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Preventing Diabetes in Children Without Medication


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Ten minutes or less of physical activity a day is all it takes to delay the onset of type 2 diabetes and slow its progression in children, according to a new study.

The study, led by Dr. Melanie Henderson, Clinical Associate Professor of Pediatrics, Endocrinologist and Epidemiologist at the University of Montreal Saint-Justine (UdeM), offers a glimmer of hope by identifying how physical activity and sedentary lifestyles affect children’s health. Key indicators of diabetes.

A total of 630 Quebec children with a family history of obesity were followed up for seven years in three cycles: ages 8-10, 10-12, and 15-17.

The experts used several tests to measure key indicators of diabetes, including insulin sensitivity, insulin secretion, and blood sugar levels. Physical activity and total sitting time were also measured using an accelerometer, and recreational screen time was assessed using a self-administered questionnaire.

“Just 10 minutes of moderate-to-intense physical activity a day reduces the risk associated with developing ADHD,” says Soren Arnoy-Leblanc, Ph.D., an epidemiologist at the University of Montreal and co-author of the study. A study that was published in November in The Lancet Child Adolescent Health, Type 2 Diabetes in Children at Risk.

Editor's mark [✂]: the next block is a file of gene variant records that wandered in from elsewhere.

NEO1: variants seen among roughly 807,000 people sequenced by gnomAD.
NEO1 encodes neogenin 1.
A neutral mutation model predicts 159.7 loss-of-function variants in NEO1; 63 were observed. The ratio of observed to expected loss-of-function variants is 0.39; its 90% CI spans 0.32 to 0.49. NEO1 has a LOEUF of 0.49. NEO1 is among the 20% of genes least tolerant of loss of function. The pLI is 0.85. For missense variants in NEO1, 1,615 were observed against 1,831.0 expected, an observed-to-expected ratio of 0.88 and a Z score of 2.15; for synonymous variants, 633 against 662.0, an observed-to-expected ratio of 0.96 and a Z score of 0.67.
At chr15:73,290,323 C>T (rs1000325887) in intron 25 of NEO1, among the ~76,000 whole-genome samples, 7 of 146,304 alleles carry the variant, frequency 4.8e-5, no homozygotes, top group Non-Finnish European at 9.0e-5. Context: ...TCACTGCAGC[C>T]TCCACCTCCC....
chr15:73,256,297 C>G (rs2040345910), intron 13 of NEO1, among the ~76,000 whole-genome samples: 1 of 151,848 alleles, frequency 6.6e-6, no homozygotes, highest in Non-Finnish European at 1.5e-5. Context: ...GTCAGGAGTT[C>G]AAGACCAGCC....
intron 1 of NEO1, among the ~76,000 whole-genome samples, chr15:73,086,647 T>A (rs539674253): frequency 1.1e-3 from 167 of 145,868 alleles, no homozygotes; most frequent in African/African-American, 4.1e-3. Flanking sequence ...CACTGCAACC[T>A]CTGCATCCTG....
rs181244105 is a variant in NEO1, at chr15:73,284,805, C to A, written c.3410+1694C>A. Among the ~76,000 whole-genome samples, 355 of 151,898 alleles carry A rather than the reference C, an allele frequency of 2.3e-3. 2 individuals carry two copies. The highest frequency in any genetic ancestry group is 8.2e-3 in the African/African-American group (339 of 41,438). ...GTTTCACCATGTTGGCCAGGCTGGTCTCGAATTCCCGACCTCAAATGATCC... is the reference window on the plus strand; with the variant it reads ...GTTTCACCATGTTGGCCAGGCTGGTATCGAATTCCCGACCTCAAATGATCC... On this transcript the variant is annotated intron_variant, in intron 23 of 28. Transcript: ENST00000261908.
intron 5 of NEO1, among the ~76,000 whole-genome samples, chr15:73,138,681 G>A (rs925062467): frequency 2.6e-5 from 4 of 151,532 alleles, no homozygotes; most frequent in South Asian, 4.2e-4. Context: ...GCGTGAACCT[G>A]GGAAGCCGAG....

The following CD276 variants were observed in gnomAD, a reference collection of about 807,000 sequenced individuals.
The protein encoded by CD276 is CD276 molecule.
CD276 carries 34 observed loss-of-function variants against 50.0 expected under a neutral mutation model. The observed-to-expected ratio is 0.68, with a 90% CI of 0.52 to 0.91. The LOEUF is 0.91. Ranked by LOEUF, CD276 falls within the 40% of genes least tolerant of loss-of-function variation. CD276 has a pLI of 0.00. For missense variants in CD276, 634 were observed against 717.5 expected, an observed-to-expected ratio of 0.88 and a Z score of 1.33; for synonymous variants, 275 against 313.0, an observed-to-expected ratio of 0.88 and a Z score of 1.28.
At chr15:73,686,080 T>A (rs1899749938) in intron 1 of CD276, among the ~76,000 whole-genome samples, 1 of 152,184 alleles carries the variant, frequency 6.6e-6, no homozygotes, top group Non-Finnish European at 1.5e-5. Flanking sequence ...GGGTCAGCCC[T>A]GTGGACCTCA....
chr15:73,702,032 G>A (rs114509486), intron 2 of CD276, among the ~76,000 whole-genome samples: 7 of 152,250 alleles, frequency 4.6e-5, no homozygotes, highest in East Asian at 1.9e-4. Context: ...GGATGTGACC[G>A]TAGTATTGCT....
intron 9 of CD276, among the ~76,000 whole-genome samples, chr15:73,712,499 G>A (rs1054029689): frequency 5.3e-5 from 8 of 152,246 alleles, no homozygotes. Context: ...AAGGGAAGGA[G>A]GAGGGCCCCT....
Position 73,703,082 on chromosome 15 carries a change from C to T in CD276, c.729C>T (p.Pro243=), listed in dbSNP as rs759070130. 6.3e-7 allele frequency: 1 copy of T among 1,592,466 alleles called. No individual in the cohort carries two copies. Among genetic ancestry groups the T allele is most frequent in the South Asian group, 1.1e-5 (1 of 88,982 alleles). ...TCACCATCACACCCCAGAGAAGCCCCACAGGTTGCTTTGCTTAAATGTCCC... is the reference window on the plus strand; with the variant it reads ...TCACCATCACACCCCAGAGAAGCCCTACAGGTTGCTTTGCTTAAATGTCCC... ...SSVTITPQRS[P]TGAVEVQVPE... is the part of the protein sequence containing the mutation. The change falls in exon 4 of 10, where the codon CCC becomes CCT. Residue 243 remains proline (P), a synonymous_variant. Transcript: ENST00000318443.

“Reducing sitting time by an hour a day provides similar benefits,” said Dr. Henderson. Because the time you spend in front of a screen, whether it’s TV, video games or social media, is especially harmful, but it’s easier to change compared to sitting time, such as transportation.

“Not all sedentary habits have the same effect on the cardiovascular system and metabolism,” she added.

Lifestyle changes can be difficult. The body has mechanisms to maintain maximum weight, which makes it very difficult to lose weight. That’s why it’s so important to act as early as possible with children and adolescents who have a family history of obesity, the researchers say.

“There is an urgent need to develop and implement an obesity prevention policy that encourages physical activity and reduces sedentary lifestyles to prevent diabetes among vulnerable populations,” said Dr. Henderson.

Source: Medical Express

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